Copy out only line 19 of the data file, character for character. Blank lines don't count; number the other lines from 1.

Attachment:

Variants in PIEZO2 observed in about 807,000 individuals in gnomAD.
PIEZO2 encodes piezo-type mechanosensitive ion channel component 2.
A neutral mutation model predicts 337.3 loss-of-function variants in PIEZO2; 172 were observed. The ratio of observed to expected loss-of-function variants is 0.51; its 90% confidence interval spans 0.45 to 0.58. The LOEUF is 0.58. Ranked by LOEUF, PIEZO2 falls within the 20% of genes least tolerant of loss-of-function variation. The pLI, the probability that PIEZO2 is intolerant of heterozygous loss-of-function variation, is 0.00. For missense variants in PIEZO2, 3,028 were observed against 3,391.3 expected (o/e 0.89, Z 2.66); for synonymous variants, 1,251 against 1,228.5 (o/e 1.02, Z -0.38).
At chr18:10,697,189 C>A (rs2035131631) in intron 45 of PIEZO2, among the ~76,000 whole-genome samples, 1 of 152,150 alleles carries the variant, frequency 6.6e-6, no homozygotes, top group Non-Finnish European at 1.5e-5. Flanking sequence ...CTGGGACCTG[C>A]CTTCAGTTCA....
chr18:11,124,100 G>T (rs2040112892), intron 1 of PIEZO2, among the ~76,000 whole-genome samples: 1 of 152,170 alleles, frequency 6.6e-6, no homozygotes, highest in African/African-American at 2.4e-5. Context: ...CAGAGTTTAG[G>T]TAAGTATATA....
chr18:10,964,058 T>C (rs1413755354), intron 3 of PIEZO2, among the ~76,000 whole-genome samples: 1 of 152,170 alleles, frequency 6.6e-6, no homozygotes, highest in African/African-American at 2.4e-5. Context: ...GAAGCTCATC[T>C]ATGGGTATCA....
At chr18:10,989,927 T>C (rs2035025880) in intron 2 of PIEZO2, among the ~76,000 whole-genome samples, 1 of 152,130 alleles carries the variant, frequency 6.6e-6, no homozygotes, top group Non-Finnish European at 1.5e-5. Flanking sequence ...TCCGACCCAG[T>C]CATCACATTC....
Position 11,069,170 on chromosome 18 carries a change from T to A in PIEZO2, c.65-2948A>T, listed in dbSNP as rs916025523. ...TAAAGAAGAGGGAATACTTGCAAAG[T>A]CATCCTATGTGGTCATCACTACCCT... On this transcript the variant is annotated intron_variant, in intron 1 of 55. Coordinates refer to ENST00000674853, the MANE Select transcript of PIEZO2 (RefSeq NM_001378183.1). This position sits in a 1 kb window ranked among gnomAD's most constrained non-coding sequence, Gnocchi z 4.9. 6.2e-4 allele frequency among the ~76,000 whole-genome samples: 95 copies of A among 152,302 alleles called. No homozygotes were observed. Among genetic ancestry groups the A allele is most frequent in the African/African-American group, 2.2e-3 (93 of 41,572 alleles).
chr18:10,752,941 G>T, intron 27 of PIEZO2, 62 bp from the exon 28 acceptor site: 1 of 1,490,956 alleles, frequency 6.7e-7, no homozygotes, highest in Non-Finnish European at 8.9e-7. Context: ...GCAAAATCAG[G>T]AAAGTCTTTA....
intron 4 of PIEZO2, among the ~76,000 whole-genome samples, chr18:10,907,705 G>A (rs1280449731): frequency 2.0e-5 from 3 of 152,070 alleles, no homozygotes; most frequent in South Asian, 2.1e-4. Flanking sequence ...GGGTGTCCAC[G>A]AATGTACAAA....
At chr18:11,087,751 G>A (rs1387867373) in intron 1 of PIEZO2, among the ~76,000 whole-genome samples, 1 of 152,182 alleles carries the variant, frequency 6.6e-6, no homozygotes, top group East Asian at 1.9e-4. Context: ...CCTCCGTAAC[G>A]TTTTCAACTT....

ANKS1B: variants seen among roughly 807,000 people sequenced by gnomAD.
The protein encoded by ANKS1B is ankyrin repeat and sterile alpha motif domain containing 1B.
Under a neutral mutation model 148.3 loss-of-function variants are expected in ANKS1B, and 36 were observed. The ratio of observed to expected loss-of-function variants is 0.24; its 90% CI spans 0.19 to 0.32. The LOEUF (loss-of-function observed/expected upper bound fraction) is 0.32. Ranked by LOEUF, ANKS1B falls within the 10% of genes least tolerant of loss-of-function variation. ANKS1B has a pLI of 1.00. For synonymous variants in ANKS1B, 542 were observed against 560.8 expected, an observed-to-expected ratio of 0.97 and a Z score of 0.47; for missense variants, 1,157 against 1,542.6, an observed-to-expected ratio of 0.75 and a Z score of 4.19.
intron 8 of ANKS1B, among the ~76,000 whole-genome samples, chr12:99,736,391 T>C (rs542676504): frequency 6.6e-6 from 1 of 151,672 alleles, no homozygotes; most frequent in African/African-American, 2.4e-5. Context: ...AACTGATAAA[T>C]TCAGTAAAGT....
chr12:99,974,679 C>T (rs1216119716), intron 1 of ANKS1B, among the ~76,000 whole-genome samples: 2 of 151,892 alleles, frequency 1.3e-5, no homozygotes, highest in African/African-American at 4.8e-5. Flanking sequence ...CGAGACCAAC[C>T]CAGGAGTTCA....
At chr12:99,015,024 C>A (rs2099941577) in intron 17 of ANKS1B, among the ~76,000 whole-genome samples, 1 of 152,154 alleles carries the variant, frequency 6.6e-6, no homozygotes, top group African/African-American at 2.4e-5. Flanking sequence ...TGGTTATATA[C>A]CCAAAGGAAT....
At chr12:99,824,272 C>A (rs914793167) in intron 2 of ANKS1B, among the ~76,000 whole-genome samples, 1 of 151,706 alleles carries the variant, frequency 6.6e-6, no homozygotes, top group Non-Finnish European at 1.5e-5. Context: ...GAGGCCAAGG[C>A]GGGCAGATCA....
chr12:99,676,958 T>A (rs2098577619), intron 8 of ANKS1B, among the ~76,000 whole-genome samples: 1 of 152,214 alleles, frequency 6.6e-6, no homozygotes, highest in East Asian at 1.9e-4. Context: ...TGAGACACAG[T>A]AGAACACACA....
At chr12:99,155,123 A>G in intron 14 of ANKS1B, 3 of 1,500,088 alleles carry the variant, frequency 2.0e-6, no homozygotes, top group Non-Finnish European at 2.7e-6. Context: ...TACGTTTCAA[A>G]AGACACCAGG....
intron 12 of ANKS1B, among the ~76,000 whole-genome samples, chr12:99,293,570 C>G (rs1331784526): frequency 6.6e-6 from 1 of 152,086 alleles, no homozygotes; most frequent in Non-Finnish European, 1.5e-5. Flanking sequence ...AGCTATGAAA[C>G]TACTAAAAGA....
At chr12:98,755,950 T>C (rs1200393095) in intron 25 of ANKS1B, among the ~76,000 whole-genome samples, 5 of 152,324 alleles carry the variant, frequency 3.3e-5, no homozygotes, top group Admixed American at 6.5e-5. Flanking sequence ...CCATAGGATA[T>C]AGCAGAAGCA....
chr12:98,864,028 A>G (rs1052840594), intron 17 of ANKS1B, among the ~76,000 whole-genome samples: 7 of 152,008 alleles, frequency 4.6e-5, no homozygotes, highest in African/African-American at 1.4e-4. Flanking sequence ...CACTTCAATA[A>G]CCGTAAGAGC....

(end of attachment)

chr12:99,676,958 T>A (rs2098577619), intron 8 of ANKS1B, among the ~76,000 whole-genome samples: 1 of 152,214 alleles, frequency 6.6e-6, no homozygotes, highest in East Asian at 1.9e-4. Context: ...TGAGACACAG[T>A]AGAACACACA....